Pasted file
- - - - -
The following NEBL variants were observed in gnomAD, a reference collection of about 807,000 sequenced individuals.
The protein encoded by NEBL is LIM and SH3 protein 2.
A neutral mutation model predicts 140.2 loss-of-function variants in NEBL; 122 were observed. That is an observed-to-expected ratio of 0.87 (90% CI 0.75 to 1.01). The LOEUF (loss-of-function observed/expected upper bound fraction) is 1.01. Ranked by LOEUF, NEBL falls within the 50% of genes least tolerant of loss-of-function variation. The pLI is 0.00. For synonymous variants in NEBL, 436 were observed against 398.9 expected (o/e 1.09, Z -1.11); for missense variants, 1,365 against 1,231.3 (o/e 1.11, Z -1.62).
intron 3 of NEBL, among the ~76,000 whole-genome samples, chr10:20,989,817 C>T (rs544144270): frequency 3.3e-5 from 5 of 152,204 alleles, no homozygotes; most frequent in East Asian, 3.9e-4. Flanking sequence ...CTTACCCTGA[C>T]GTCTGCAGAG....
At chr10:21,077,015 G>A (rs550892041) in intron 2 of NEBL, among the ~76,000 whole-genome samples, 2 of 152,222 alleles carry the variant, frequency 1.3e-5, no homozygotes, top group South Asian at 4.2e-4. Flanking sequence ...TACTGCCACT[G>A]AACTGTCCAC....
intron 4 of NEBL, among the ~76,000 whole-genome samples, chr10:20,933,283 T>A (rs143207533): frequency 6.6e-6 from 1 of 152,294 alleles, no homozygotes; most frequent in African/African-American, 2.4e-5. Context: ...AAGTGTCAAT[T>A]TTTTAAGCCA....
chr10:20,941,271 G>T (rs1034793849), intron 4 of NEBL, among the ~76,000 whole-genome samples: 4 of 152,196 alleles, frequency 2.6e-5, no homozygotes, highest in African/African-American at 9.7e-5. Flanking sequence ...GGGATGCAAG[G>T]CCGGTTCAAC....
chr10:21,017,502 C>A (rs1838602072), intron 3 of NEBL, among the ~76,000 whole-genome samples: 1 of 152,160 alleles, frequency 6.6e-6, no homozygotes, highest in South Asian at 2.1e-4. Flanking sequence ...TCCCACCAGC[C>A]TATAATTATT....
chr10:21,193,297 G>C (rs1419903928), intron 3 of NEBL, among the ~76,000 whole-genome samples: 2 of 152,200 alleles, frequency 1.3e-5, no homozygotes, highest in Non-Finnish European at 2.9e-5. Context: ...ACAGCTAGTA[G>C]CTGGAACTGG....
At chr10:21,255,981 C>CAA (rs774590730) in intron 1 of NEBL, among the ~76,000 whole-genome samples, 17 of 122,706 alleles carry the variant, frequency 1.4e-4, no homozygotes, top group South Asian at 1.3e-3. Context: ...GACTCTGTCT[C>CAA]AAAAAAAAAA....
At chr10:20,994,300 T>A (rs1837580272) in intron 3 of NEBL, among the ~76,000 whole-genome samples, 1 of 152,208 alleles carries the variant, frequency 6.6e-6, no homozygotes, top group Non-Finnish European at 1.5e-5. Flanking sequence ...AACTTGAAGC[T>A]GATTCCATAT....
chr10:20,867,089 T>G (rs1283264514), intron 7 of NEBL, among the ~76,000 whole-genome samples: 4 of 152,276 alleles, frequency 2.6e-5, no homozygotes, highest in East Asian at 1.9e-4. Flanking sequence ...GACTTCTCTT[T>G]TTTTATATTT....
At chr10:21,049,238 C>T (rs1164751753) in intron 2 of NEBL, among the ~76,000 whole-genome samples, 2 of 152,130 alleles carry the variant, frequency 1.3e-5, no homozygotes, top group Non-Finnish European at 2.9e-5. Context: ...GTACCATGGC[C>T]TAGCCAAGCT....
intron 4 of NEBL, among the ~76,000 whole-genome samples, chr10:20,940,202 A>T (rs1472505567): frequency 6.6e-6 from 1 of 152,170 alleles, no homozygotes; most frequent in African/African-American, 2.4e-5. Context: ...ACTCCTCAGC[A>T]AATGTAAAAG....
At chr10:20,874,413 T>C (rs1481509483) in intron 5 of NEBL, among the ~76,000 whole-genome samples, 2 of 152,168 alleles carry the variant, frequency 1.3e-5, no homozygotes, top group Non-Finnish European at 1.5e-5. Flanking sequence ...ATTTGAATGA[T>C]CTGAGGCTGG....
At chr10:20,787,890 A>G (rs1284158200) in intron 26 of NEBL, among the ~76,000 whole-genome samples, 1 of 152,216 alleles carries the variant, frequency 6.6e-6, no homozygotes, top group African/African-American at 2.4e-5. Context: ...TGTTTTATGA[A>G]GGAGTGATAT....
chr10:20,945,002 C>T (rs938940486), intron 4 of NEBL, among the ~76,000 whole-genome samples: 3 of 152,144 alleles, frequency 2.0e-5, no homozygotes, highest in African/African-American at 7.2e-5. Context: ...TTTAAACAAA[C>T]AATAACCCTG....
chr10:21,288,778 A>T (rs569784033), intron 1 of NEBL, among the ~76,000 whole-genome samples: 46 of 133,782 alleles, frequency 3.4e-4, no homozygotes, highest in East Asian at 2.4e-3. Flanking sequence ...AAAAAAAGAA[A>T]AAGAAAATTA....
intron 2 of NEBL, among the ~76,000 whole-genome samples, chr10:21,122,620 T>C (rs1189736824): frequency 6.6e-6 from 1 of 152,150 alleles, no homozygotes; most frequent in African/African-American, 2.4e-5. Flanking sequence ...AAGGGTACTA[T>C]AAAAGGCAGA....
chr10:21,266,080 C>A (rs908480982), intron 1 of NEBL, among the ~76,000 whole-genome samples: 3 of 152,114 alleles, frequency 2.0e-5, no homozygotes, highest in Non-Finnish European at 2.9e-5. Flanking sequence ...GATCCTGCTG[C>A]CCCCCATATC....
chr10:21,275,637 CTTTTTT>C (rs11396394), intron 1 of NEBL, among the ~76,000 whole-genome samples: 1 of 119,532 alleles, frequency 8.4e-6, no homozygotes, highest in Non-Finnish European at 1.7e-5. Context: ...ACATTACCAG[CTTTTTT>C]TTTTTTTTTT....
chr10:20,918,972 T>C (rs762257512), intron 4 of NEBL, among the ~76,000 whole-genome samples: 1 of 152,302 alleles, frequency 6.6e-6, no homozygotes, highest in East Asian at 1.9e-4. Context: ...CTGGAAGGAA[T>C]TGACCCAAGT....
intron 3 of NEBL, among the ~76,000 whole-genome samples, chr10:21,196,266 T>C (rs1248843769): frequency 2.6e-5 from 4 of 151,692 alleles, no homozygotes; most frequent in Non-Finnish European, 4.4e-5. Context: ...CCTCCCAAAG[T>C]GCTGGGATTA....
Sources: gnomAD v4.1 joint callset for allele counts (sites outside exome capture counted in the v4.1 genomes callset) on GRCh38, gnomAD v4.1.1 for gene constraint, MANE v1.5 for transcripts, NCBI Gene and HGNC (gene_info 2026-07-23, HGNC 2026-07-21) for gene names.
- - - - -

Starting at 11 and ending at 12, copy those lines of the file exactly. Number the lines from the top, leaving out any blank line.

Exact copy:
At chr10:20,994,300 T>A (rs1837580272) in intron 3 of NEBL, among the ~76,000 whole-genome samples, 1 of 152,208 alleles carries the variant, frequency 6.6e-6, no homozygotes, top group Non-Finnish European at 1.5e-5. Flanking sequence ...AACTTGAAGC[T>A]GATTCCATAT....
chr10:20,867,089 T>G (rs1283264514), intron 7 of NEBL, among the ~76,000 whole-genome samples: 4 of 152,276 alleles, frequency 2.6e-5, no homozygotes, highest in East Asian at 1.9e-4. Flanking sequence ...GACTTCTCTT[T>G]TTTTATATTT....